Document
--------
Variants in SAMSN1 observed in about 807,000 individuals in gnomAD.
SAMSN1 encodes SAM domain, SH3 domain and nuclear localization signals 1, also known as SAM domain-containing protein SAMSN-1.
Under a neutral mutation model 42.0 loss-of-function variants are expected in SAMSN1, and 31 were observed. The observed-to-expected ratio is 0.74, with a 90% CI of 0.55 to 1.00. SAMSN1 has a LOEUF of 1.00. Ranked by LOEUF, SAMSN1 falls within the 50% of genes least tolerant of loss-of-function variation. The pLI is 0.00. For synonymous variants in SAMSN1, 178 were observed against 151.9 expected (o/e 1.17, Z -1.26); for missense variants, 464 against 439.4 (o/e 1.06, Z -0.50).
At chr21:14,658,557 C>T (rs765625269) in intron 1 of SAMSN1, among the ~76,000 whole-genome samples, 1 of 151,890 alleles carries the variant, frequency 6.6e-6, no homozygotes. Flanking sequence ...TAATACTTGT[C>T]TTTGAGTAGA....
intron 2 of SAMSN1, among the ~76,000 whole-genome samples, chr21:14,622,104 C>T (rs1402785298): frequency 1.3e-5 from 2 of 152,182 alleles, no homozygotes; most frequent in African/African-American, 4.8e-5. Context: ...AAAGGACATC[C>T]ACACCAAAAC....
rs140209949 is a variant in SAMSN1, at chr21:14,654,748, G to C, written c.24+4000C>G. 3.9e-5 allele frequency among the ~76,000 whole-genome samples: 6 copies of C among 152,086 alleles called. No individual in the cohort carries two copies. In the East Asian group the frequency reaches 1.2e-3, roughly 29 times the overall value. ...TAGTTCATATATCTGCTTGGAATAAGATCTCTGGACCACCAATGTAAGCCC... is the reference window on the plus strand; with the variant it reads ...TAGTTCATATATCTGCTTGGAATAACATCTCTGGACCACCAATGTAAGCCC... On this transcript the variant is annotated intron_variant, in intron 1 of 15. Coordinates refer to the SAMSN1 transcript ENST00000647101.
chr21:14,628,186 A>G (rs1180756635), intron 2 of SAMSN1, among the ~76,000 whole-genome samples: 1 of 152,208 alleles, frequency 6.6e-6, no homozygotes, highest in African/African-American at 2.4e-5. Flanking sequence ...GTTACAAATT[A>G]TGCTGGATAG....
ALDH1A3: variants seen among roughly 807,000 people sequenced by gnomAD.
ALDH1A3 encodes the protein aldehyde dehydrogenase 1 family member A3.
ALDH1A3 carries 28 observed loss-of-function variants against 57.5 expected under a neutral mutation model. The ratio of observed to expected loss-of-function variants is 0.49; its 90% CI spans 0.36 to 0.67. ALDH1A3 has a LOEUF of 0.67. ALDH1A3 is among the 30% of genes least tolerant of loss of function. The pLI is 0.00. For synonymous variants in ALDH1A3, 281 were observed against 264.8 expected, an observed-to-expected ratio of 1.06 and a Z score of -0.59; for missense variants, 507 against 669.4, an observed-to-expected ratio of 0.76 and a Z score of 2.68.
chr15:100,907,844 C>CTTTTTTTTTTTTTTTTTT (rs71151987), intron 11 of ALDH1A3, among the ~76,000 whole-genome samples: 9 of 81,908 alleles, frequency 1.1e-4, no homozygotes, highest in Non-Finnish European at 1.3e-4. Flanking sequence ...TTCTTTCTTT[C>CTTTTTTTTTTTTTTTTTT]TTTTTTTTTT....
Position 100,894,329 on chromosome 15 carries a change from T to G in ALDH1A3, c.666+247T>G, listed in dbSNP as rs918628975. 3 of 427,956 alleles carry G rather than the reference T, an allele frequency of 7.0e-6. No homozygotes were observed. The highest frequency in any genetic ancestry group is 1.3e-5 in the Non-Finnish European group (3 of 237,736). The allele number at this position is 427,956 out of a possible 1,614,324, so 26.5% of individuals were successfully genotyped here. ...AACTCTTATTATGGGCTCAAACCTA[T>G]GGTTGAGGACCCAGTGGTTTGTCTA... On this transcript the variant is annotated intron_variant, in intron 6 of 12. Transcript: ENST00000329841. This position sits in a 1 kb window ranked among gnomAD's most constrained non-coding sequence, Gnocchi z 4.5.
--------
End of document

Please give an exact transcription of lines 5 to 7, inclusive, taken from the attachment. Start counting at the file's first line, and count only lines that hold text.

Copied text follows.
intron 2 of SAMSN1, among the ~76,000 whole-genome samples, chr21:14,622,104 C>T (rs1402785298): frequency 1.3e-5 from 2 of 152,182 alleles, no homozygotes; most frequent in African/African-American, 4.8e-5. Context: ...AAAGGACATC[C>T]ACACCAAAAC....
rs140209949 is a variant in SAMSN1, at chr21:14,654,748, G to C, written c.24+4000C>G. 3.9e-5 allele frequency among the ~76,000 whole-genome samples: 6 copies of C among 152,086 alleles called. No individual in the cohort carries two copies. In the East Asian group the frequency reaches 1.2e-3, roughly 29 times the overall value. ...TAGTTCATATATCTGCTTGGAATAAGATCTCTGGACCACCAATGTAAGCCC... is the reference window on the plus strand; with the variant it reads ...TAGTTCATATATCTGCTTGGAATAACATCTCTGGACCACCAATGTAAGCCC... On this transcript the variant is annotated intron_variant, in intron 1 of 15. Coordinates refer to the SAMSN1 transcript ENST00000647101.
chr21:14,628,186 A>G (rs1180756635), intron 2 of SAMSN1, among the ~76,000 whole-genome samples: 1 of 152,208 alleles, frequency 6.6e-6, no homozygotes, highest in African/African-American at 2.4e-5. Flanking sequence ...GTTACAAATT[A>G]TGCTGGATAG....